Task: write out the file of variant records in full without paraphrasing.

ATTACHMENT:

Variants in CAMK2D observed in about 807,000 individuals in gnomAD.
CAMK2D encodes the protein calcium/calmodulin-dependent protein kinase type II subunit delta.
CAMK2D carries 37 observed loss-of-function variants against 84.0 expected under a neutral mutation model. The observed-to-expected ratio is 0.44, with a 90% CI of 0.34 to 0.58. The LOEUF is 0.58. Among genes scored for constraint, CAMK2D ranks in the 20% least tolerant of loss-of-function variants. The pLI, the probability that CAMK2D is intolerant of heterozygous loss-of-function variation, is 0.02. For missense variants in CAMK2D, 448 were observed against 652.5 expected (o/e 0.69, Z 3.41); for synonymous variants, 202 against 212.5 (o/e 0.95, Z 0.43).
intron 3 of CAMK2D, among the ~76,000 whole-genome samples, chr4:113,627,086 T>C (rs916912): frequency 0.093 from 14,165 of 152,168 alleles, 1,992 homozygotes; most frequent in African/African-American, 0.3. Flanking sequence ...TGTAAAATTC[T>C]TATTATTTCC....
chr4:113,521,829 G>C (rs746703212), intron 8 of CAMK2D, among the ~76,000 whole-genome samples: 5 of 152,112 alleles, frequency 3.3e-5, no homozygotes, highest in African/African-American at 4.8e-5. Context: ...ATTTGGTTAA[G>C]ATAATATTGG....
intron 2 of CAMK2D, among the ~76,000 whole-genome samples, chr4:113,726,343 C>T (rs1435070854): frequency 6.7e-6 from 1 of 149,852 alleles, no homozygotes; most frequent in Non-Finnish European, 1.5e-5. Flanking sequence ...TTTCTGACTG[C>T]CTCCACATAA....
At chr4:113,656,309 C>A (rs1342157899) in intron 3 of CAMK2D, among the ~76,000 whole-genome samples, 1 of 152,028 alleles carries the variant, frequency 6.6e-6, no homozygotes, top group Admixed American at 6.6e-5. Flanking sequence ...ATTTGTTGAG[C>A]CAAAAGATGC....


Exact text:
Variants in CAMK2D observed in about 807,000 individuals in gnomAD.
CAMK2D encodes the protein calcium/calmodulin-dependent protein kinase type II subunit delta.
CAMK2D carries 37 observed loss-of-function variants against 84.0 expected under a neutral mutation model. The observed-to-expected ratio is 0.44, with a 90% CI of 0.34 to 0.58. The LOEUF is 0.58. Among genes scored for constraint, CAMK2D ranks in the 20% least tolerant of loss-of-function variants. The pLI, the probability that CAMK2D is intolerant of heterozygous loss-of-function variation, is 0.02. For missense variants in CAMK2D, 448 were observed against 652.5 expected (o/e 0.69, Z 3.41); for synonymous variants, 202 against 212.5 (o/e 0.95, Z 0.43).
intron 3 of CAMK2D, among the ~76,000 whole-genome samples, chr4:113,627,086 T>C (rs916912): frequency 0.093 from 14,165 of 152,168 alleles, 1,992 homozygotes; most frequent in African/African-American, 0.3. Flanking sequence ...TGTAAAATTC[T>C]TATTATTTCC....
chr4:113,521,829 G>C (rs746703212), intron 8 of CAMK2D, among the ~76,000 whole-genome samples: 5 of 152,112 alleles, frequency 3.3e-5, no homozygotes, highest in African/African-American at 4.8e-5. Context: ...ATTTGGTTAA[G>C]ATAATATTGG....
intron 2 of CAMK2D, among the ~76,000 whole-genome samples, chr4:113,726,343 C>T (rs1435070854): frequency 6.7e-6 from 1 of 149,852 alleles, no homozygotes; most frequent in Non-Finnish European, 1.5e-5. Flanking sequence ...TTTCTGACTG[C>T]CTCCACATAA....
At chr4:113,656,309 C>A (rs1342157899) in intron 3 of CAMK2D, among the ~76,000 whole-genome samples, 1 of 152,028 alleles carries the variant, frequency 6.6e-6, no homozygotes, top group Admixed American at 6.6e-5. Flanking sequence ...ATTTGTTGAG[C>A]CAAAAGATGC....